It’s winter – let’s eat!

Cover of PieIt’s winter and I am not advocating heading for the snow, but to the kitchen. This a winter food rave. You see, for me the best thing about this season is… WINTER FOOD!

Does this grab you like it does me? Steak, Caramelised  Onion and Red Capsicum Mustard Pies from a simply named but lip-smacking cookbook: Pie, by Dean Brettschneider. It helps that the pictures are of perfectly made pastry, of course. Mine never looks like this, more of a patchwork quilt effect. Normally pastry is something I avoid as being too fiddly, but some of these pies are going to have to cross my lips and settle on the hips.

Cover of SlowI have become a bit of a cookbook stalker since working daily with library books. One I came across was Slow by Allyson Gofton. Most of the recipes I had never seen before and that’s always a huge drawcard. I’ve  been a bit wary of using the slow cooker for vege dishes, but the North African Vegetable & Lentil Stew, on page 279,  was a huge success and the eggplant held together beautifully.

Cover of Soup KitchenSmoked Haddock and Shrimp Chowder and/or Yellow Split Pea and Frankfurter Soup from Soup Kitchen have also taken my fancy. The latter sounds interesting, but could have some startling after effects. It’s one of Nigella “Who needs chocolate” Lawson’s contributions. Among the other contributors are Mr “Beep Beep” Ramsay, Jamie “Lips” Oliver, Rick “My Hero” Stein, and Hugh “Three Good Things” Fearnley-Whittingstall is the editor. It’s hard to go past soup and in my freezer there’s Tomato and Roast Capsicum Soup (blended with  a few Jalapeno peppers), waiting for suitable soup weather… and possibly the purchase of a fire extinguisher.

Cover of What's for Pudding?If there’s room, and it pays to leave some, What’s for Pudding? used to be the greeting we offered my poor mother as soon as we had finished the main meal. Two of my childhood faves, Bread and Butter Pudding, and Golden Syrup Steamed Pudding are represented in Alexa Johnston’s yummy book, but Gingerbread Upside Down Pudding or Apricot Betty sound even better.

Hungry now? What are your winter food favourites?  Much used cook books? Did you bring any family dishes from your homeland?

This leaves me feeling and probably looking like a Roly Poly Pudding!

Luncheon sausage and scones: Allyson Gofton in Oxford

CoverAllyson Gofton’s first words to us are a warning:  “Once I start talking I won’t shut up.”  Fair warning, and absolutely 100% true.  The words flowed in a torrent, every one a gem, but sadly for those who missed her, Saturday was the second to last day in her whirlwind tour with the new book.

Off to a running start, and a mini overview of her career – starting with her training in a Tasmanian maternity hospital kitchen, through to the cheffy European years. She spoke about her arrival in the New Zealand Woman’s Weekly kitchens to work with Tui Flower. Allyson was thinking “lobster thermidor and creme caramel”, and was soon set straight:  “No, child, this is New Zealand.  Here we do luncheon sausage and scones”.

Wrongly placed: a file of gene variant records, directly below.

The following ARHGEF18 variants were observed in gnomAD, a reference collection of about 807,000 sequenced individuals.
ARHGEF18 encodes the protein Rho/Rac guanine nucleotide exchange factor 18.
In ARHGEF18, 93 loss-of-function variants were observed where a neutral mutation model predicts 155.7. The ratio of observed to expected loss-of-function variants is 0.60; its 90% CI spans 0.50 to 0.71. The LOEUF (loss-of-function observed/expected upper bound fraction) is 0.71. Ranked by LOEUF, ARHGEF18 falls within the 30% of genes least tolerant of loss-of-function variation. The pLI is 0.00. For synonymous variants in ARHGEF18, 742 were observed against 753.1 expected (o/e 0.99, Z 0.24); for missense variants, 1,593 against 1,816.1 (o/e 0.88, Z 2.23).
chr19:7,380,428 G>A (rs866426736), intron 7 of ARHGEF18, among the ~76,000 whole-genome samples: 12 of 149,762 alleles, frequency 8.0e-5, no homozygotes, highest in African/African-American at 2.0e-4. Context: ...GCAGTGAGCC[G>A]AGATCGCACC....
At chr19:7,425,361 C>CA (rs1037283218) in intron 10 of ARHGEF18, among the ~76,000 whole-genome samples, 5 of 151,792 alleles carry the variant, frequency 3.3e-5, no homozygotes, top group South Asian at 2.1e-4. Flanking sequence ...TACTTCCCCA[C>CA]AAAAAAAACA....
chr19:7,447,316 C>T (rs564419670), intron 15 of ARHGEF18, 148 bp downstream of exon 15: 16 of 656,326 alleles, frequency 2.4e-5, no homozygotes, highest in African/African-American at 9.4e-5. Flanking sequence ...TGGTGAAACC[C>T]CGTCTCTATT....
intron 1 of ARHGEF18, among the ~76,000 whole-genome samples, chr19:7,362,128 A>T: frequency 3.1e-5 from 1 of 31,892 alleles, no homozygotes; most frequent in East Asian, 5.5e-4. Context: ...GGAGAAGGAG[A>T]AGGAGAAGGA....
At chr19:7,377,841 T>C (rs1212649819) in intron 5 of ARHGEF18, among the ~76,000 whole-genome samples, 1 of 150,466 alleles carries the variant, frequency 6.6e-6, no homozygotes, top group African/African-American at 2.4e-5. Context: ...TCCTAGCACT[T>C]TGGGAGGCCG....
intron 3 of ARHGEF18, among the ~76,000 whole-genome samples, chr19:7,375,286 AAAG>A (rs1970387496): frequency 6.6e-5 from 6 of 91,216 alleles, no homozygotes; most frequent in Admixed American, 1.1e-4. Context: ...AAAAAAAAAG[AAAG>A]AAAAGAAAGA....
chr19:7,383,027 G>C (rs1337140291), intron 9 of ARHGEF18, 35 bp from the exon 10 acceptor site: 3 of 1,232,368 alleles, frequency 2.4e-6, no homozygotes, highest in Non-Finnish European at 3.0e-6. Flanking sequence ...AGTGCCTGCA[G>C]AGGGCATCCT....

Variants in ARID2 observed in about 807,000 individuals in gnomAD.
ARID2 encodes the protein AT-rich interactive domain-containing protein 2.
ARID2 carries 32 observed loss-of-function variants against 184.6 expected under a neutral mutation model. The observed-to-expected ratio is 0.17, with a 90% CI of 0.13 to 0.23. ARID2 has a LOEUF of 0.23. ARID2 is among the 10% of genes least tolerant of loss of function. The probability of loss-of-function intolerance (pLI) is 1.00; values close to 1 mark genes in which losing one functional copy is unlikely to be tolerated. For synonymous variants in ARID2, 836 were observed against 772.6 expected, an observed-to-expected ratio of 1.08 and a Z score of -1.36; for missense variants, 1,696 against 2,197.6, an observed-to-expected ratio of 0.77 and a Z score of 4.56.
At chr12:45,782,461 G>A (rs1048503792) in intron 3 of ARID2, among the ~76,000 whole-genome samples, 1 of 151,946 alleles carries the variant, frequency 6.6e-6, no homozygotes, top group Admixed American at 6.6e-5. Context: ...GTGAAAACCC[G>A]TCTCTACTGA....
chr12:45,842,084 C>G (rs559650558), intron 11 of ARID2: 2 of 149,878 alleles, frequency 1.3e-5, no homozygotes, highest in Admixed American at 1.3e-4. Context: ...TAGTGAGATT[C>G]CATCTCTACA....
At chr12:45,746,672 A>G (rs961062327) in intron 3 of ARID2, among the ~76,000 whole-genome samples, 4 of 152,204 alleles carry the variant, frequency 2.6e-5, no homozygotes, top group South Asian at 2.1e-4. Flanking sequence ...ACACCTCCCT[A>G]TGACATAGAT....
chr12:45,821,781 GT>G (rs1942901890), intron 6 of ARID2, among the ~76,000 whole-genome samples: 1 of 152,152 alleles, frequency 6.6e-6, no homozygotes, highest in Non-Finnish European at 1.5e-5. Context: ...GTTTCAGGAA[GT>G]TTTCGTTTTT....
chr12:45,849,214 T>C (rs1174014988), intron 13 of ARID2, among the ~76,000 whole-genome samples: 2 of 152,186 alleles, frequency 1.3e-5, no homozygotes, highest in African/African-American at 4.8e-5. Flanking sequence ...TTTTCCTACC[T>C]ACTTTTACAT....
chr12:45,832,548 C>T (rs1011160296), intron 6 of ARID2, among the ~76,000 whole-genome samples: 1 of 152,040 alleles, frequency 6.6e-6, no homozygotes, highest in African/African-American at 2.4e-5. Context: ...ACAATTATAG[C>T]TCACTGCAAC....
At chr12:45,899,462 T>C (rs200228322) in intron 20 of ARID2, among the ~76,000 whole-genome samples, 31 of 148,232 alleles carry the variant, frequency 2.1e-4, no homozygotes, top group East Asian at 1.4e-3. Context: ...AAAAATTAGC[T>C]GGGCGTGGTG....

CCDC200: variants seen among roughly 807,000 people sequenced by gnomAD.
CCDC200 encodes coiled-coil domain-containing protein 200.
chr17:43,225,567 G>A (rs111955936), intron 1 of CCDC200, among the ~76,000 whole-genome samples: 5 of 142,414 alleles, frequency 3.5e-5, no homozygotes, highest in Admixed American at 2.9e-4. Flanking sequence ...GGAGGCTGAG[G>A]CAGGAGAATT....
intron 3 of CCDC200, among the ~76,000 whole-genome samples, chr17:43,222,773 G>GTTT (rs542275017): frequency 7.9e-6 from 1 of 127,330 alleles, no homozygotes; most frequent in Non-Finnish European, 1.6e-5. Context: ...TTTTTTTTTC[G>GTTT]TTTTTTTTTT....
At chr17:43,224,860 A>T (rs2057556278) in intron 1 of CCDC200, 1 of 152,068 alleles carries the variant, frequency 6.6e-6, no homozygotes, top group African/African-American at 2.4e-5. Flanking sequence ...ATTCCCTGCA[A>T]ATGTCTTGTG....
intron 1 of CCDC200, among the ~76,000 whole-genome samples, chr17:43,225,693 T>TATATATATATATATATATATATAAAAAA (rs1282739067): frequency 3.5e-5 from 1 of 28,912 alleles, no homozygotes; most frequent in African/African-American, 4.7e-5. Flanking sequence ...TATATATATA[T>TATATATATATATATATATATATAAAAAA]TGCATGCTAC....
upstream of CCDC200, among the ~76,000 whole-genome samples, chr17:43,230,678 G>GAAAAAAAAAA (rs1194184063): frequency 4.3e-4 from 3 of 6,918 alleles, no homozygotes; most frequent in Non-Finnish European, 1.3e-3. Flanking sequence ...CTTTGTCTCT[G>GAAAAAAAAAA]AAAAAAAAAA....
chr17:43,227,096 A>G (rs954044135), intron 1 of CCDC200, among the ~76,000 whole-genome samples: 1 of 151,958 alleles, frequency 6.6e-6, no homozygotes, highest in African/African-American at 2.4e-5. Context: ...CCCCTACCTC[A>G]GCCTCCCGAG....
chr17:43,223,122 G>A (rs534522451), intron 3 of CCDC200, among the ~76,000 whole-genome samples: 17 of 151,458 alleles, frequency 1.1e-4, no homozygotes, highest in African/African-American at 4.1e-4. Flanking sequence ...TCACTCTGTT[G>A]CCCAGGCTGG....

She spent time with Galloping Gourmet Graham Kerr, and Robyn Martin, had stints at several other magazines, was on our screens for the Food In A Minute years and launched her own range of cookbooks.

The reason for today’s session is the launch of the Country Calendar Cookbook, to coincide with Country Calendar’s 45th anniversary on our TV screens.

Allyson is an astonishing multi-tasker – while all this is being shared, there’s also cooking going on – recipes from the book: oyster chowder, Boston bun, something to do with a ricotta pancake filling; AND a slideshow featuring many of the people she met touring the country with Country Calendar.

Shirley meets Alyson Gofton.It goes a bit like this: “blurb blurb Bio details, blurb blurb That’s the gorgeous Karen, quote from Karen, Oh and now we pop the seafood in and keep stirring, blurb blurb truffles, blurb blurb cowsh*t on my leather sandals, Now I’ll make a basic icing for the bun, blurb blurb skinning a rabbit in a Christian Dior cardy, here’s a picture of my son, gooseberry pie …” Imagine all of this delivered at breakneck speed, with no sign of stress at all, and the highest number of toilet words I’ve ever heard at a food event, and add the intoxicating smell of garlic frying in butter.  Everyone in the room is in booky foodie heaven, and totally in love with this amazing woman.

After the session, she’s all over the room signing books and chatting to people, having her photo taken, making sure people are having drinks, trying the food and generally enjoying themselves.  We extract  the promise of an interview later on, get Shirley’s photo taken, have the cookbook signed and drive off into the Oxford sunset, with me STILL trying to figure out how to tell you all the word Allyson used that I’ve NEVER EVER heard anyone say out loud at ANY book event.